STUYVESANT–The Columbia Land Conservancy (CLC) and Scenic Hudson have partnered with the owner of a farm in the Town of Stuyvesant to protect permanently 233 acres of agricultural land in the town. The transaction marks another collaboration between CLC and Scenic Hudson’s aimed at conserving farmland in Columbia County.
The conserved land includes more than 220 acres of USDA Prime Farmland and Soils of Statewide Significance–currently in use by local farmers who grow corn and hay–as well as a circa-1760 farmhouse listed on the National Register of Historic Places. The property, known as the Johannis L. Van Alen Farm, is part of a “Neighborhood Conservation Block” that includes 14 other agricultural properties within three miles totaling 2,926 acres permanently protected with conservation easements. This includes an adjacent 440-acre farm previously protected by Scenic Hudson and 166 acres of farmland protected by a CLC-Scenic Hudson collaboration earlier this year.
Scenic Hudson Senior Land Project Manager Kelly Boling negotiated the transaction in partnership with CLC’s Conservation and Agricultural Programs Manager Marissa Codey. The landowner donated a conservation easement that restricts development of the property, conserves its sensitive natural resources and ensures that it will remain available for farming. CLC will hold and manage the easement.
Collectively, Scenic Hudson and CLC have conserved more than 18,000 agricultural acres in the county, including 3,547 acres on 17 farms in Stuyvesant.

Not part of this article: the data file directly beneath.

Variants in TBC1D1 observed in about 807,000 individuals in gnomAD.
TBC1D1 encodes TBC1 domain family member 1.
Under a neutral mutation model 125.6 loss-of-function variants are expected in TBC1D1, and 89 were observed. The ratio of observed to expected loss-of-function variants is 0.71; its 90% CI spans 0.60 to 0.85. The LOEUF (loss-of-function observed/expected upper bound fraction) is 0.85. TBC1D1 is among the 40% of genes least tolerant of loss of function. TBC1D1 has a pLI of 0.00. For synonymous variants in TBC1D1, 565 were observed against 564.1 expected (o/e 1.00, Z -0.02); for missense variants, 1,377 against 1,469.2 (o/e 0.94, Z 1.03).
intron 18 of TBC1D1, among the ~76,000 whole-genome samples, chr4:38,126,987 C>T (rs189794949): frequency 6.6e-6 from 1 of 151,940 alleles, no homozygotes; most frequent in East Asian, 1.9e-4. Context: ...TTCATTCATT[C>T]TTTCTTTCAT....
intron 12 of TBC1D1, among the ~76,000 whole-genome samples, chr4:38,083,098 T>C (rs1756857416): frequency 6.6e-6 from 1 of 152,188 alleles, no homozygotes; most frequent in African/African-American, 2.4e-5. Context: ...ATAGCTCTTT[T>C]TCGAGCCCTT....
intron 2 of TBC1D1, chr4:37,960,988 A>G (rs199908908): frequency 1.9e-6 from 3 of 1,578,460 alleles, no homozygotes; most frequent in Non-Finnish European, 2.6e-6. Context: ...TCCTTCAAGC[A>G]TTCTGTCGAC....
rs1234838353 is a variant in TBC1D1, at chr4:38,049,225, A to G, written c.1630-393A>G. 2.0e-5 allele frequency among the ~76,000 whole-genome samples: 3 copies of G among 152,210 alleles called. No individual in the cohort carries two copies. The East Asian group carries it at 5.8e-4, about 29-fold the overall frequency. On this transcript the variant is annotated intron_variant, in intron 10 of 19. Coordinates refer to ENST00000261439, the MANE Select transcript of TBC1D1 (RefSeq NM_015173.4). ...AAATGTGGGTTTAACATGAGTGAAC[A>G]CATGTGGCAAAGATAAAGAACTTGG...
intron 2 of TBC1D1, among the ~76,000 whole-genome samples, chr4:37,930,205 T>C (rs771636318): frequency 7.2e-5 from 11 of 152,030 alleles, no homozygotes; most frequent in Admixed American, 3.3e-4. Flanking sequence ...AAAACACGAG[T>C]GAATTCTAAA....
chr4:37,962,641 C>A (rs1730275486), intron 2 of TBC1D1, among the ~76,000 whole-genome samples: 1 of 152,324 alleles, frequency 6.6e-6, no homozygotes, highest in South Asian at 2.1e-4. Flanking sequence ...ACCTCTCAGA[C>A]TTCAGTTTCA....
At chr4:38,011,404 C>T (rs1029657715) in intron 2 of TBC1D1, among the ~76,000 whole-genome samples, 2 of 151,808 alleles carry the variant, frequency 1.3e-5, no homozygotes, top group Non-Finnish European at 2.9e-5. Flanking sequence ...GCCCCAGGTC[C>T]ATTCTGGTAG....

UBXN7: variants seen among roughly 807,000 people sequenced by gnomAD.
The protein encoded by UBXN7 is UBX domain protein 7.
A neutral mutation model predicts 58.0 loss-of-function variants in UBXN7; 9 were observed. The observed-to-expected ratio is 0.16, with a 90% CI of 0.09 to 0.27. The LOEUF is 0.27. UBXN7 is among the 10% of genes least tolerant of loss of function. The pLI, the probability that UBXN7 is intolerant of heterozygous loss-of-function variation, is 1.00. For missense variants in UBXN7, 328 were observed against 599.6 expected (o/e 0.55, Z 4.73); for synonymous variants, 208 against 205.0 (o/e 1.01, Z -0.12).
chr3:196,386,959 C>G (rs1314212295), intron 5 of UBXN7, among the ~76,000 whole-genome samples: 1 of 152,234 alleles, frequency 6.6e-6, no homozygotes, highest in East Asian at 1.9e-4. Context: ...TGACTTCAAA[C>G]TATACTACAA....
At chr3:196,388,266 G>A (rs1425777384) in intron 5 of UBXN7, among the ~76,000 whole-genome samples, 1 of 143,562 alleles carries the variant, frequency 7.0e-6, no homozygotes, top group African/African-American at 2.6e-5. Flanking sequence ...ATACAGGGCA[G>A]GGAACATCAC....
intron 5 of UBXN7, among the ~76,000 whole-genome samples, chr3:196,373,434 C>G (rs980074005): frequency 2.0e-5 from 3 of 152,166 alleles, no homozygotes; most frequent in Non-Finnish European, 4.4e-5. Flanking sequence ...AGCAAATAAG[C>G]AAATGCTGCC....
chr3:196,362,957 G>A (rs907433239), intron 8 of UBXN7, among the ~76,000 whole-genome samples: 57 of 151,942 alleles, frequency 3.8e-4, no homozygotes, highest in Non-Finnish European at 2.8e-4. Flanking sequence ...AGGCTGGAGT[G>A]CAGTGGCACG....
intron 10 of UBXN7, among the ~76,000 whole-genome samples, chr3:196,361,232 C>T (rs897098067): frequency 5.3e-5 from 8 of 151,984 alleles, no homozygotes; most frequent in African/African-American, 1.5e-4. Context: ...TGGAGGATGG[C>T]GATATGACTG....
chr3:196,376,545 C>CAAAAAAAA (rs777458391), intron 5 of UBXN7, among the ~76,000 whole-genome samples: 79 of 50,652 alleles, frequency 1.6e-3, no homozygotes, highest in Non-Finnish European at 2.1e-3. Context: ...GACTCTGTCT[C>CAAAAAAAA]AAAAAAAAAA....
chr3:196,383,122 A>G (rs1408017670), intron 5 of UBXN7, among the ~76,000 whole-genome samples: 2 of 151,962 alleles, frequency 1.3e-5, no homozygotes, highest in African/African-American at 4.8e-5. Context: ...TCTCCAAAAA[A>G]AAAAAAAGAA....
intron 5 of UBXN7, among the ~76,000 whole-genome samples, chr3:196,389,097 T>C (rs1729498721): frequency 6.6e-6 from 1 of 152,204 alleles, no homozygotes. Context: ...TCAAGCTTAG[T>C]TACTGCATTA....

Scenic Hudson President Ned Sullivan said in the release announcing the deal that Hudson Valley farms remain face development pressures and that protecting them is a priority of Scenic Hudson’s Saving the Land That Matters Most campaign. He said he expects to continue working with CLC on more farmland protection projects.
“This transaction continues CLC’s long-standing commitment to protecting the rich and scenic farmland, forests and open spaces that make Columbia County such an extraordinary place,” said CLC Executive Director Peter Paden in the release. “It reflects, as well, a new level of partnership with our friends at Scenic Hudson, on which we plan to build in the months and years ahead.”
This conservation easement preserves a landscape that contributes to Columbia County’s $105-million tourism economy that sustains nearly 1,500 jobs. The market value of produce grown on Columbia County farms exceeds $50 million annually.